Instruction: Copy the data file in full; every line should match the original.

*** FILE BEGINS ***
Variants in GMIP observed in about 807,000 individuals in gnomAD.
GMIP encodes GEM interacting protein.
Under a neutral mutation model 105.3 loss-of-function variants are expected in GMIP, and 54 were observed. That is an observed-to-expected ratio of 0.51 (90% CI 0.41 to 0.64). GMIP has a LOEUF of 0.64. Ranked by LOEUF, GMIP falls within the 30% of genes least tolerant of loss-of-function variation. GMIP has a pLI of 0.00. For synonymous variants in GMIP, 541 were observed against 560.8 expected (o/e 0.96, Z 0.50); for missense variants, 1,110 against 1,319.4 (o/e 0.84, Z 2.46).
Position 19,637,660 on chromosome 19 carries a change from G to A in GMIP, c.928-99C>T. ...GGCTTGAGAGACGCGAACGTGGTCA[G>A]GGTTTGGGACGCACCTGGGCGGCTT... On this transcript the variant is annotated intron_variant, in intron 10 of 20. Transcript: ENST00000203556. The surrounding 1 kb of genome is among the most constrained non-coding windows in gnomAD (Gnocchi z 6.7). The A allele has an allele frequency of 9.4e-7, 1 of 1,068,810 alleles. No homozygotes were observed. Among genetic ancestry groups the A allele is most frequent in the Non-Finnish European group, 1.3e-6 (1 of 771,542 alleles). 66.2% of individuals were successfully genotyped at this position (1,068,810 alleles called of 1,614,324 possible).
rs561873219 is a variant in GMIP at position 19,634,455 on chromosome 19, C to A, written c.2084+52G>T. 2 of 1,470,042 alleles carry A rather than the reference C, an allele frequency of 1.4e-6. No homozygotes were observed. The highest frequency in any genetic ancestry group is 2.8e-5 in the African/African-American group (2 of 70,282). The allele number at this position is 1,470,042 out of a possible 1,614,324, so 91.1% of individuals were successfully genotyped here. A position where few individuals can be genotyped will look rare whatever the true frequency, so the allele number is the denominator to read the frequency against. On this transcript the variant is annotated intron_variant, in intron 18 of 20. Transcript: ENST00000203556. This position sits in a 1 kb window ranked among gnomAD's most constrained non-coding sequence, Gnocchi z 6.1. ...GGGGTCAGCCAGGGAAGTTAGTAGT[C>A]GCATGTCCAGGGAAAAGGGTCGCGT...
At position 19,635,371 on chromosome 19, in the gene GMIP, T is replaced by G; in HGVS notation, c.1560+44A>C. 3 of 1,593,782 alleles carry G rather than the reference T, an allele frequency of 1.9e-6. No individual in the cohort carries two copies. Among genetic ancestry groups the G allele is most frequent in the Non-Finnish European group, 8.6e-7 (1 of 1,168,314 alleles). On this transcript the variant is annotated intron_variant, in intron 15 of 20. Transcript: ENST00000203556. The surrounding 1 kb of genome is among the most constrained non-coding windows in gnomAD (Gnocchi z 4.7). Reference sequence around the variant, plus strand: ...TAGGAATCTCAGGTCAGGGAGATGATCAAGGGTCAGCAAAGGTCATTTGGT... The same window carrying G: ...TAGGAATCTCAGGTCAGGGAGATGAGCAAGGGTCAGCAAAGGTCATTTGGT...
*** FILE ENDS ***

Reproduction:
Variants in GMIP observed in about 807,000 individuals in gnomAD.
GMIP encodes GEM interacting protein.
Under a neutral mutation model 105.3 loss-of-function variants are expected in GMIP, and 54 were observed. That is an observed-to-expected ratio of 0.51 (90% CI 0.41 to 0.64). GMIP has a LOEUF of 0.64. Ranked by LOEUF, GMIP falls within the 30% of genes least tolerant of loss-of-function variation. GMIP has a pLI of 0.00. For synonymous variants in GMIP, 541 were observed against 560.8 expected (o/e 0.96, Z 0.50); for missense variants, 1,110 against 1,319.4 (o/e 0.84, Z 2.46).
Position 19,637,660 on chromosome 19 carries a change from G to A in GMIP, c.928-99C>T. ...GGCTTGAGAGACGCGAACGTGGTCA[G>A]GGTTTGGGACGCACCTGGGCGGCTT... On this transcript the variant is annotated intron_variant, in intron 10 of 20. Transcript: ENST00000203556. The surrounding 1 kb of genome is among the most constrained non-coding windows in gnomAD (Gnocchi z 6.7). The A allele has an allele frequency of 9.4e-7, 1 of 1,068,810 alleles. No homozygotes were observed. Among genetic ancestry groups the A allele is most frequent in the Non-Finnish European group, 1.3e-6 (1 of 771,542 alleles). 66.2% of individuals were successfully genotyped at this position (1,068,810 alleles called of 1,614,324 possible).
rs561873219 is a variant in GMIP at position 19,634,455 on chromosome 19, C to A, written c.2084+52G>T. 2 of 1,470,042 alleles carry A rather than the reference C, an allele frequency of 1.4e-6. No homozygotes were observed. The highest frequency in any genetic ancestry group is 2.8e-5 in the African/African-American group (2 of 70,282). The allele number at this position is 1,470,042 out of a possible 1,614,324, so 91.1% of individuals were successfully genotyped here. A position where few individuals can be genotyped will look rare whatever the true frequency, so the allele number is the denominator to read the frequency against. On this transcript the variant is annotated intron_variant, in intron 18 of 20. Transcript: ENST00000203556. This position sits in a 1 kb window ranked among gnomAD's most constrained non-coding sequence, Gnocchi z 6.1. ...GGGGTCAGCCAGGGAAGTTAGTAGT[C>A]GCATGTCCAGGGAAAAGGGTCGCGT...
At position 19,635,371 on chromosome 19, in the gene GMIP, T is replaced by G; in HGVS notation, c.1560+44A>C. 3 of 1,593,782 alleles carry G rather than the reference T, an allele frequency of 1.9e-6. No individual in the cohort carries two copies. Among genetic ancestry groups the G allele is most frequent in the Non-Finnish European group, 8.6e-7 (1 of 1,168,314 alleles). On this transcript the variant is annotated intron_variant, in intron 15 of 20. Transcript: ENST00000203556. The surrounding 1 kb of genome is among the most constrained non-coding windows in gnomAD (Gnocchi z 4.7). Reference sequence around the variant, plus strand: ...TAGGAATCTCAGGTCAGGGAGATGATCAAGGGTCAGCAAAGGTCATTTGGT... The same window carrying G: ...TAGGAATCTCAGGTCAGGGAGATGAGCAAGGGTCAGCAAAGGTCATTTGGT...